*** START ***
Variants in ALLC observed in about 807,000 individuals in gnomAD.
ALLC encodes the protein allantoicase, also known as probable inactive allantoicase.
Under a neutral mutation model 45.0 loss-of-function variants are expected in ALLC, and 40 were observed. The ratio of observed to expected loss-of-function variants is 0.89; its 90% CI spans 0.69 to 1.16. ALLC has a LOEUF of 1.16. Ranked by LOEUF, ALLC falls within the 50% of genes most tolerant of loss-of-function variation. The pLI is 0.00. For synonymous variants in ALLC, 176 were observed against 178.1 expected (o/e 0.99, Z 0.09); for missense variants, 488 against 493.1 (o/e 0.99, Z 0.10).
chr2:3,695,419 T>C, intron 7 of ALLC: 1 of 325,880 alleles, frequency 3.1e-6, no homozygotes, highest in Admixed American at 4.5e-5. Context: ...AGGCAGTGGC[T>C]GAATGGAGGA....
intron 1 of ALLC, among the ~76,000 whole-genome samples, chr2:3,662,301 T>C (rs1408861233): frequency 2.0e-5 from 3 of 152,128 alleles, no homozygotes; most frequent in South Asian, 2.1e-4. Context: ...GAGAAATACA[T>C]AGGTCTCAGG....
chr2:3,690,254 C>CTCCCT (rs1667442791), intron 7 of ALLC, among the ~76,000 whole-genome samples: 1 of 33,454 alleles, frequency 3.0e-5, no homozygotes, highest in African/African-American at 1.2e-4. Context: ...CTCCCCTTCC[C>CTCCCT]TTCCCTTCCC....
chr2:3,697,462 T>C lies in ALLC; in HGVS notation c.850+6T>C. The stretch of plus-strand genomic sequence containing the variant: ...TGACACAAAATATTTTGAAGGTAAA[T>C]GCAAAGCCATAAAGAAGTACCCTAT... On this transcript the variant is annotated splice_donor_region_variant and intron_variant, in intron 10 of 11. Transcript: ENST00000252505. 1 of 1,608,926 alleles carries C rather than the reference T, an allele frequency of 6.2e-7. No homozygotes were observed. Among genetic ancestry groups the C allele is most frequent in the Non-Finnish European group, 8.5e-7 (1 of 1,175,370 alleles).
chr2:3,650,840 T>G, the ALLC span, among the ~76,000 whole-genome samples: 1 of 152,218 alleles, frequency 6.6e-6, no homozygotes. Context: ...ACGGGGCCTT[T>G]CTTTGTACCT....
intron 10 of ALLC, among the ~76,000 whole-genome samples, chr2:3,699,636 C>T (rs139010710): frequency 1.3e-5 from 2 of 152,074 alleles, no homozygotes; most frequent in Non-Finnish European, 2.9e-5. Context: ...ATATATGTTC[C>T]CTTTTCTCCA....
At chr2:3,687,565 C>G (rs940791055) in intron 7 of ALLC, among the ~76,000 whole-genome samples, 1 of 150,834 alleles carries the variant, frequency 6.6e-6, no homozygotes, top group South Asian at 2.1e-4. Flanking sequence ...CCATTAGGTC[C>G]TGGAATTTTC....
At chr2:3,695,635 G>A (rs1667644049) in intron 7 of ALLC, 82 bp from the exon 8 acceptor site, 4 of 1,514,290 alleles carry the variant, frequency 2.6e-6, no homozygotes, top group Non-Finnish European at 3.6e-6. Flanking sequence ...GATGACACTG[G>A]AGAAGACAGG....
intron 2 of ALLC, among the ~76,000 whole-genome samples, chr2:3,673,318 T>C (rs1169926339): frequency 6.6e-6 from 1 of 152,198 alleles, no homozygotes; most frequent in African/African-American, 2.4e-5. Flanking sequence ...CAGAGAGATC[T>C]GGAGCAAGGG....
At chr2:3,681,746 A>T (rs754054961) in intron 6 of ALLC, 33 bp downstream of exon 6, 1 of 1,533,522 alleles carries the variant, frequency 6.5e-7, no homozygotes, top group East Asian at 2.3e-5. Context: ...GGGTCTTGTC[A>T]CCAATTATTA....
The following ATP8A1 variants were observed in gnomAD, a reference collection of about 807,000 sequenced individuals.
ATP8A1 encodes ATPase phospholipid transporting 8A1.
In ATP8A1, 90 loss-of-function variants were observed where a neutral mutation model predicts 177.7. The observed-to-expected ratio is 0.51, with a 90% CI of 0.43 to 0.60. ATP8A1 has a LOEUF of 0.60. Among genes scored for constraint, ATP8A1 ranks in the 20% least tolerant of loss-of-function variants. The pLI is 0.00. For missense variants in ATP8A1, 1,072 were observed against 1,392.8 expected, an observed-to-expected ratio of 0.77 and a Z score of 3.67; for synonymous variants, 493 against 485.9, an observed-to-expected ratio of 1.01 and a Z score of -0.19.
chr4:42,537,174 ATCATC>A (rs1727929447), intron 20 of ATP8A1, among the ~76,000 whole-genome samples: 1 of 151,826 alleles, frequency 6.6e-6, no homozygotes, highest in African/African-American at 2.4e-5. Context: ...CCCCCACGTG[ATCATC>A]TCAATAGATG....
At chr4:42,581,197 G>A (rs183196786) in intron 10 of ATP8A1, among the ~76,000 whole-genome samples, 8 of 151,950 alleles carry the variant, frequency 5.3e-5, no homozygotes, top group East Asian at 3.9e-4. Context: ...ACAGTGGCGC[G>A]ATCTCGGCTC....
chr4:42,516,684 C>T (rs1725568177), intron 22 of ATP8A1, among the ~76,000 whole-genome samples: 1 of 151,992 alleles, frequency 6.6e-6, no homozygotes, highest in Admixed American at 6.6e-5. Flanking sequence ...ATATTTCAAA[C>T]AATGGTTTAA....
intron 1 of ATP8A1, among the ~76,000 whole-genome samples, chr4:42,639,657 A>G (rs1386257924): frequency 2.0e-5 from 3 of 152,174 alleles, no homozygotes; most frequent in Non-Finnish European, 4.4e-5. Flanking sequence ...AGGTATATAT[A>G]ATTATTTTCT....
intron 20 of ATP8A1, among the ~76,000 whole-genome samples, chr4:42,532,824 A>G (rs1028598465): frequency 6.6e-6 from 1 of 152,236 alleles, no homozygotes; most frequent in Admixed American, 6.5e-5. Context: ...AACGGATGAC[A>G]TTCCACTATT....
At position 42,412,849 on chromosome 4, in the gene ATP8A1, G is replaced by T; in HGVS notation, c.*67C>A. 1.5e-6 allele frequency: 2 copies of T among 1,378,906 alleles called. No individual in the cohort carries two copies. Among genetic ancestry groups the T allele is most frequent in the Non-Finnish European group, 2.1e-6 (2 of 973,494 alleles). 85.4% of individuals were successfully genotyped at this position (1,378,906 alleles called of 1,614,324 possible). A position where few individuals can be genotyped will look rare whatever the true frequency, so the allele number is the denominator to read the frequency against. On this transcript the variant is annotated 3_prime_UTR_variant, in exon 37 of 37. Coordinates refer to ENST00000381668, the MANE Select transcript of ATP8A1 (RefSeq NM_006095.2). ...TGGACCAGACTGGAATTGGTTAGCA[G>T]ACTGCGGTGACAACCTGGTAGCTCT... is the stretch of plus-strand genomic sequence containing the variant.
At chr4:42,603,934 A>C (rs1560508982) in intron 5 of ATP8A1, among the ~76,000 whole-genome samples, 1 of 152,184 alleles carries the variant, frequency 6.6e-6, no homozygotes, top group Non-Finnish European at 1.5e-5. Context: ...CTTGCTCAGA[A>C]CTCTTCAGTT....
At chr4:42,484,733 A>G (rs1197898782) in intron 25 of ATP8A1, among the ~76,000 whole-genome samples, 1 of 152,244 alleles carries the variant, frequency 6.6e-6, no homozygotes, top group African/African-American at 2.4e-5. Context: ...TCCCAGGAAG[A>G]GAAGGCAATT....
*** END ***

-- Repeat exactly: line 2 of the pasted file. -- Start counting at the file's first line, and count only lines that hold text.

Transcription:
ALLC encodes the protein allantoicase, also known as probable inactive allantoicase.